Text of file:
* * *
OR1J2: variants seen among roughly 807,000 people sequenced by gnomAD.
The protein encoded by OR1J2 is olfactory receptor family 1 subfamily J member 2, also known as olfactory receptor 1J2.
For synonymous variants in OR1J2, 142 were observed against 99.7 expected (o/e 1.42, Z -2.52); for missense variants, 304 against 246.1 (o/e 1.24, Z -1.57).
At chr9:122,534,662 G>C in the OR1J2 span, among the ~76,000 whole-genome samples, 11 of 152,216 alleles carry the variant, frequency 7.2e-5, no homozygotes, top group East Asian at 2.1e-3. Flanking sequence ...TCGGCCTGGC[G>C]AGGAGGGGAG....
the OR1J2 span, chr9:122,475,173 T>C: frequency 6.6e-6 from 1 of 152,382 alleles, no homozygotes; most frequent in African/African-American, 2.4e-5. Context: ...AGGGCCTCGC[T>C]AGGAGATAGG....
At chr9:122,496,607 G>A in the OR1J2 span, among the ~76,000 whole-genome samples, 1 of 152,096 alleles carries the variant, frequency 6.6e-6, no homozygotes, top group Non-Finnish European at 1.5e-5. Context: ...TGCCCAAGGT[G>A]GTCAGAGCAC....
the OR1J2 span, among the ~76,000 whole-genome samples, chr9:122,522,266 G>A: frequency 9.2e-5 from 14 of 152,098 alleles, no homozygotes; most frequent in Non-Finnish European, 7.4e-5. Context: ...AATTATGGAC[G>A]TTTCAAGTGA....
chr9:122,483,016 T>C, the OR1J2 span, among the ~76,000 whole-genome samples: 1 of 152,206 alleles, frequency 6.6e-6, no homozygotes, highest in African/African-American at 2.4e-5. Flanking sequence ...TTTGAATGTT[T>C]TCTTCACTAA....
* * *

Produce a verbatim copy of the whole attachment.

OR1J2: variants seen among roughly 807,000 people sequenced by gnomAD.
The protein encoded by OR1J2 is olfactory receptor family 1 subfamily J member 2, also known as olfactory receptor 1J2.
For synonymous variants in OR1J2, 142 were observed against 99.7 expected (o/e 1.42, Z -2.52); for missense variants, 304 against 246.1 (o/e 1.24, Z -1.57).
At chr9:122,534,662 G>C in the OR1J2 span, among the ~76,000 whole-genome samples, 11 of 152,216 alleles carry the variant, frequency 7.2e-5, no homozygotes, top group East Asian at 2.1e-3. Flanking sequence ...TCGGCCTGGC[G>C]AGGAGGGGAG....
the OR1J2 span, chr9:122,475,173 T>C: frequency 6.6e-6 from 1 of 152,382 alleles, no homozygotes; most frequent in African/African-American, 2.4e-5. Context: ...AGGGCCTCGC[T>C]AGGAGATAGG....
At chr9:122,496,607 G>A in the OR1J2 span, among the ~76,000 whole-genome samples, 1 of 152,096 alleles carries the variant, frequency 6.6e-6, no homozygotes, top group Non-Finnish European at 1.5e-5. Context: ...TGCCCAAGGT[G>A]GTCAGAGCAC....
the OR1J2 span, among the ~76,000 whole-genome samples, chr9:122,522,266 G>A: frequency 9.2e-5 from 14 of 152,098 alleles, no homozygotes; most frequent in Non-Finnish European, 7.4e-5. Context: ...AATTATGGAC[G>A]TTTCAAGTGA....
chr9:122,483,016 T>C, the OR1J2 span, among the ~76,000 whole-genome samples: 1 of 152,206 alleles, frequency 6.6e-6, no homozygotes, highest in African/African-American at 2.4e-5. Flanking sequence ...TTTGAATGTT[T>C]TCTTCACTAA....